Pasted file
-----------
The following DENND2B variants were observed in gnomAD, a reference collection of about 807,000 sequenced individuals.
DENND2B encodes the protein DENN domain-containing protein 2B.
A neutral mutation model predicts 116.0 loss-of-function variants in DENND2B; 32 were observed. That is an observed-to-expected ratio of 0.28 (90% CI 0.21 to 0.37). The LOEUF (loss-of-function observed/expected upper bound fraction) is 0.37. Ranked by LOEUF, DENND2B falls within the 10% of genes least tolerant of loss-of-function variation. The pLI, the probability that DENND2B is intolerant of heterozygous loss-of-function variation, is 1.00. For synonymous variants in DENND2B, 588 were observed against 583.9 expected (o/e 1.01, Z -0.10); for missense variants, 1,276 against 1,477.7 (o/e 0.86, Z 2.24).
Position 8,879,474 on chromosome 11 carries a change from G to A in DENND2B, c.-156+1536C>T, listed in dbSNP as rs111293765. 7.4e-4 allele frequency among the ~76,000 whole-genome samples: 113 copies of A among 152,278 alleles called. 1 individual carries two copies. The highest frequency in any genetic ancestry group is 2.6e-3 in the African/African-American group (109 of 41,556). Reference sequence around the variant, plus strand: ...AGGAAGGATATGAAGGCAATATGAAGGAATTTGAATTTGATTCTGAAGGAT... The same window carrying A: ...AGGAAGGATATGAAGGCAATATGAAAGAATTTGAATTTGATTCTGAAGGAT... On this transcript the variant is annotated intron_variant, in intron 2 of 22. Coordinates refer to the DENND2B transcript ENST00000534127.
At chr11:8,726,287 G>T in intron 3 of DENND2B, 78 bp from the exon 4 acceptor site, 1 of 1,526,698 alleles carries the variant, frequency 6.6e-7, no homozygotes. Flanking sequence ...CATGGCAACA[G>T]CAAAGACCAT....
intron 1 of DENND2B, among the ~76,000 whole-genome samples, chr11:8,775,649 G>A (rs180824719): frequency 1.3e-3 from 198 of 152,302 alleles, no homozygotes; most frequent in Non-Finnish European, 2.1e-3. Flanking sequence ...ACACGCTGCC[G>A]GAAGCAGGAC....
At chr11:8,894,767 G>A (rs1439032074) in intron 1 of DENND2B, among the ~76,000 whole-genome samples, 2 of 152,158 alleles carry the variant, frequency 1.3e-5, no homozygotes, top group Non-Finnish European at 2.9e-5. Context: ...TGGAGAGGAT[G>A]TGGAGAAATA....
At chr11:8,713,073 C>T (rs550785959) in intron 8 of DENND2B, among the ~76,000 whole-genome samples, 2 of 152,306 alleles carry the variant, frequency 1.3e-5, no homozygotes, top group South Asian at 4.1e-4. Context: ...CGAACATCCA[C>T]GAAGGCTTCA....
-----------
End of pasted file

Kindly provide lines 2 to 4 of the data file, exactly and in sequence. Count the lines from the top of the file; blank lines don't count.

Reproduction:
DENND2B encodes the protein DENN domain-containing protein 2B.
A neutral mutation model predicts 116.0 loss-of-function variants in DENND2B; 32 were observed. That is an observed-to-expected ratio of 0.28 (90% CI 0.21 to 0.37). The LOEUF (loss-of-function observed/expected upper bound fraction) is 0.37. Ranked by LOEUF, DENND2B falls within the 10% of genes least tolerant of loss-of-function variation. The pLI, the probability that DENND2B is intolerant of heterozygous loss-of-function variation, is 1.00. For synonymous variants in DENND2B, 588 were observed against 583.9 expected (o/e 1.01, Z -0.10); for missense variants, 1,276 against 1,477.7 (o/e 0.86, Z 2.24).
Position 8,879,474 on chromosome 11 carries a change from G to A in DENND2B, c.-156+1536C>T, listed in dbSNP as rs111293765. 7.4e-4 allele frequency among the ~76,000 whole-genome samples: 113 copies of A among 152,278 alleles called. 1 individual carries two copies. The highest frequency in any genetic ancestry group is 2.6e-3 in the African/African-American group (109 of 41,556). Reference sequence around the variant, plus strand: ...AGGAAGGATATGAAGGCAATATGAAGGAATTTGAATTTGATTCTGAAGGAT... The same window carrying A: ...AGGAAGGATATGAAGGCAATATGAAAGAATTTGAATTTGATTCTGAAGGAT... On this transcript the variant is annotated intron_variant, in intron 2 of 22. Coordinates refer to the DENND2B transcript ENST00000534127.